Yum-o!
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Check out my cake blog at: http://adventuresofacakediva.com
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post #37 of 54
thanks so much - I will give the white chocolate ganache & flavouring a go tonight

cheers
clare
post #38 of 54
For those of you who use ganache in the US, what type of white chocolate do you use? I know most of what is labeled "white chocolate" isn't actually chocolate because it doesn't have cocoa butter in it- right?
post #39 of 54
True white chocolate does contain cocoa butter. It's cocoa solids that it does not contain, which is why it technically is not really classified as a chocolate. There are many things out there that try to fool you into thinking they are white chocolate. But they are usually called white baking chips or white baking bars. Real white chocolate should always be labeled, white chocolate.
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Housework makes you ugly.

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post #40 of 54
And- you can't use white baking chips or white baking bars or wilton candy melts to make ganache- right?
-sorry if this sounds like I'm repeating myself, I just want to be sure- white chocoalte is sooo expensive!
post #41 of 54
Sorry, I know I must sound like a broken record, but a few more tips needed about ganache

When you use ganache as a filling - does it harden up or stay smooth

when you cover a cake in spreadable ganache (that has set up from the runny ganache) does it harden into a shell like form where it is too hard to cut when the it comes to eating the cake

Lastly, can you use choc ganache to stack a cake - ie when you have got the edges smooth with ganache & covered each tier in fondant - is it ok to dowel the tiers for stacking or will the ganache crack & cause the fondant to split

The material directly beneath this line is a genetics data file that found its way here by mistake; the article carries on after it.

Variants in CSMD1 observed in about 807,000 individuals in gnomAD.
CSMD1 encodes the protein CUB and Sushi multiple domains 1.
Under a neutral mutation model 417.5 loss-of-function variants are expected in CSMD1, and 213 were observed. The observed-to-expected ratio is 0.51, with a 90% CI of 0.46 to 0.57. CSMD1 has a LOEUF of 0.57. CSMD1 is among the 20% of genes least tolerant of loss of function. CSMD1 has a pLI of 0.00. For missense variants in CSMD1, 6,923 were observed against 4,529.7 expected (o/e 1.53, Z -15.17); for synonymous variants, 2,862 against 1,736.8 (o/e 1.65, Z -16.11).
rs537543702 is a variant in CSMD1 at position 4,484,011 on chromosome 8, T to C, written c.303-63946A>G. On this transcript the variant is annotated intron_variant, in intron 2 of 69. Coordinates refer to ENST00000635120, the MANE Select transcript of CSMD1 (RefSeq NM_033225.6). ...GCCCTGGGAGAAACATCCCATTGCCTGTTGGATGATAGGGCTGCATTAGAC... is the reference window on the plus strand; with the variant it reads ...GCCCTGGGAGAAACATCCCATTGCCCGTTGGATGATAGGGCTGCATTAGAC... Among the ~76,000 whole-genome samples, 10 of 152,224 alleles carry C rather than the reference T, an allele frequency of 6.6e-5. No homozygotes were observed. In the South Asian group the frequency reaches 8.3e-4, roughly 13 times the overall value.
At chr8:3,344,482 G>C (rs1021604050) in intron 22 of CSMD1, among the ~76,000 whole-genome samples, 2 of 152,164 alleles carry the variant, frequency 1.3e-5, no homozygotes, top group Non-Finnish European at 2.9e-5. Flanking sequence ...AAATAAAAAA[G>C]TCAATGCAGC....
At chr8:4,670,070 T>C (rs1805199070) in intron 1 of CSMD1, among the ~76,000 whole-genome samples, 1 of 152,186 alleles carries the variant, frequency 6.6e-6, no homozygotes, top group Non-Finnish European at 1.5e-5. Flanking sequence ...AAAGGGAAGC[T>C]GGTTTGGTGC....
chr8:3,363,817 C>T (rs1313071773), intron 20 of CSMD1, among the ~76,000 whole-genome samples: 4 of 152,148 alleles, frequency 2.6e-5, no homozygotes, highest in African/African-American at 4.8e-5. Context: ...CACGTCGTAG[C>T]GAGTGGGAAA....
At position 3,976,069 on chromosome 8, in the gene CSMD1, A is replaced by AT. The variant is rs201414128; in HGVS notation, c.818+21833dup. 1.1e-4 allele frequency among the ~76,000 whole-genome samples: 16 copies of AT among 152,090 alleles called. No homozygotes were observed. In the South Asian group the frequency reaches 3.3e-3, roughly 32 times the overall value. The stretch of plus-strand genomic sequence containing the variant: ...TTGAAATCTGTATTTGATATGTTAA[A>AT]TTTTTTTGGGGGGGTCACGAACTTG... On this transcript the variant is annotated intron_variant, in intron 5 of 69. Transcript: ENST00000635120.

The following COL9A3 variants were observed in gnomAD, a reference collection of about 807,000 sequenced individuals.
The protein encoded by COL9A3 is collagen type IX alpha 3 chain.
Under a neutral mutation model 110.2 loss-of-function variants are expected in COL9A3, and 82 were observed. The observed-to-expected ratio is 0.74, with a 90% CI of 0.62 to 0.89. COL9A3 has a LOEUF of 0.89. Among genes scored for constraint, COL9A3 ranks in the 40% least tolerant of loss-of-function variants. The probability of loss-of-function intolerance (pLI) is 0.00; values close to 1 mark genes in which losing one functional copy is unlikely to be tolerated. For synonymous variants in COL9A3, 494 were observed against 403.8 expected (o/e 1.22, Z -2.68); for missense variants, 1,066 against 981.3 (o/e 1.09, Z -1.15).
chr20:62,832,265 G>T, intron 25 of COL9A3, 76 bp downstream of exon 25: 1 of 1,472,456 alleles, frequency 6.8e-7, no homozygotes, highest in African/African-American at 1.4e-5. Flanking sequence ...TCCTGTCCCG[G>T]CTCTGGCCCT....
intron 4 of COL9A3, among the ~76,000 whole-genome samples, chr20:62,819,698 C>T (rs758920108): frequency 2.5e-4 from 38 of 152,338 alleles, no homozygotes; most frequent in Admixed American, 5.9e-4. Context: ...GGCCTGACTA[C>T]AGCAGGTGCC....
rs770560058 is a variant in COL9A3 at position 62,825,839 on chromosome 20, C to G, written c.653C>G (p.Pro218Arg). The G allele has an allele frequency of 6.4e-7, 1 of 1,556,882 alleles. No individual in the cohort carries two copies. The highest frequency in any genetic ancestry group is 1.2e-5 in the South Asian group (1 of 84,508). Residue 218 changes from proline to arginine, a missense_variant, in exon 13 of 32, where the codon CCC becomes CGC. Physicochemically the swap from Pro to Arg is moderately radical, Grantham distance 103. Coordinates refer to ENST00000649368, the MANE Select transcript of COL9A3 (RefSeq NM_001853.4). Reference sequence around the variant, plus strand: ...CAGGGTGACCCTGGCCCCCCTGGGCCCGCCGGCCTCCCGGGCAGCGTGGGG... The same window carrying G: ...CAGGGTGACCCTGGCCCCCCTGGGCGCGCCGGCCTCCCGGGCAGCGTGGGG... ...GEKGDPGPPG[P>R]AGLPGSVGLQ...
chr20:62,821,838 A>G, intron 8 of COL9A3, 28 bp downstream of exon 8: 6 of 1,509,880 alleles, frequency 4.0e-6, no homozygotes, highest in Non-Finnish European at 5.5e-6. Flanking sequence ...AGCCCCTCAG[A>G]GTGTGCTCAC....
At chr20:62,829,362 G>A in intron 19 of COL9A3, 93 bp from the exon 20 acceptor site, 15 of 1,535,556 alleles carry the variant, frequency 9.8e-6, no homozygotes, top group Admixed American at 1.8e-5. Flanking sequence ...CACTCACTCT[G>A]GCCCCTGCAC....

thanks in advance
Clare
post #42 of 54
Quote:
Originally Posted by genevieveyum

And- you can't use white baking chips or white baking bars or wilton candy melts to make ganache- right?
-sorry if this sounds like I'm repeating myself, I just want to be sure- white chocoalte is sooo expensive!



I use white "chocolate" baking chips for ganache with no problems.
post #43 of 54
post #44 of 54
Quote:
Originally Posted by ClareBear66

Sorry, I know I must sound like a broken record, but a few more tips needed about ganache

When you use ganache as a filling - does it harden up or stay smooth

when you cover a cake in spreadable ganache (that has set up from the runny ganache) does it harden into a shell like form where it is too hard to cut when the it comes to eating the cake

Lastly, can you use choc ganache to stack a cake - ie when you have got the edges smooth with ganache & covered each tier in fondant - is it ok to dowel the tiers for stacking or will the ganache crack & cause the fondant to split

thanks in advance
Clare



Ganache doesn't harden into a 'shell' like chocolate that cracks. It's more like it dries out on the top to form a surface that doesn't mark when you touch it, but is still soft enough to cut through.

Dowelling is fine.

Ganache in the centre of the cake goes firm, not 'hard'.
post #45 of 54
I crumb-coat mine, put in the freezer, pull out after a few minutes and put a nice smooth finish coat and stick it back in the freezer for a few minutes, pull it out to sweat while i roll out the fondant and drape/cover the cake.

Or, perhaps your fondant is too thin.